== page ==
Can't Focus? Aging Brain May Be to Blame
By middle age, neurological 'daydream' centers gain more control, researchers find
MONDAY, Feb. 6, 2006 (HealthDay News) -- If you're midway through life and wondering why your powers of concentration aren't are sharp as they used to be, a new study could help explain why.
Gradual brain changes beginning in middle age cause older adults to be more easily distracted by irrelevant information, and to lose focus in busy environments, Canadian researchers report.
"It's known that older adults are more easily distracted. We think we've found a mechanism in the brain to explain this and generated new insight into when in the lifespan these brain changes begin to occur," study author Dr. Cheryl Grady, a senior scientist at the Rotman Research Institute in Toronto, said in a prepared statement.
She and her colleagues used functional magnetic resonance (fMRI) to study brain function in healthy middle-aged adults. They then compared them to younger and older adults. The study volunteers were assigned a series of memory tasks while their brain function was recorded.
In younger adults, activity in the dorsolateral prefrontal cortex (associated with tasks that require concentration) increases when they're doing memory tasks. At the same time, there's decreased activity in the medial frontal and parietal regions (associated with non-task related activity in a resting state -- such as thinking about yourself or monitoring your surroundings).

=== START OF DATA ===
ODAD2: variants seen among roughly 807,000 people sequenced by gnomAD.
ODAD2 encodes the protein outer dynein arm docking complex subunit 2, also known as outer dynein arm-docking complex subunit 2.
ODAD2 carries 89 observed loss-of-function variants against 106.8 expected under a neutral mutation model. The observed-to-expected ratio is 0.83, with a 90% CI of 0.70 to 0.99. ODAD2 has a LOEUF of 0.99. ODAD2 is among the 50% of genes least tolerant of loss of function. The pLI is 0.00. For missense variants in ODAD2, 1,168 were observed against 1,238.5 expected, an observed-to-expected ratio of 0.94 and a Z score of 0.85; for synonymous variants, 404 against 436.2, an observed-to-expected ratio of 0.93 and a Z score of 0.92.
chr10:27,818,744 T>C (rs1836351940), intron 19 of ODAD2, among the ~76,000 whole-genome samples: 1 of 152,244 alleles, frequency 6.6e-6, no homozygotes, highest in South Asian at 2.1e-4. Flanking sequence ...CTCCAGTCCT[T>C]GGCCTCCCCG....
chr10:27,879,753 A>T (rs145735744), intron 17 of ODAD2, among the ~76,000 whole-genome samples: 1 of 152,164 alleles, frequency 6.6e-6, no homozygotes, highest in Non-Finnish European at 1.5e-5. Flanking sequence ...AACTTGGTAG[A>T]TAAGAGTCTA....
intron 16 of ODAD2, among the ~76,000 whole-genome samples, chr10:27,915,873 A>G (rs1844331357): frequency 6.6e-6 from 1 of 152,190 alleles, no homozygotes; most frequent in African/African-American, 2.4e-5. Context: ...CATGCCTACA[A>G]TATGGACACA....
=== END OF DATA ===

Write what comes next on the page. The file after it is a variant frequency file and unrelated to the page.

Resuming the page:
As reported in the February issue of the Journal of Cognitive Neuroscience, this pattern begins to break down in people aged 40 to 60. When middle-aged people do memory tasks, activity in the "daydreaming" medial frontal and parietal regions stays turned on, while activity in the concentration-linked dorsolateral prefrontal cortex declines.
This imbalance in brain activity is even more pronounced in people aged 65 and older, the researchers said, which may explain why older adults are less able to tune out irrelevant or distracting information.
"Our fMRI scanning reveals that middle age represents the transition between the patterns observed in youth to that found in old age. The seesaw imbalance in the two frontal lobe areas is not as significant as in older adults, but the functional changes are detectable by middle age," Grady said.
The U.S. Centers for Disease Control and Prevention has information on healthy aging.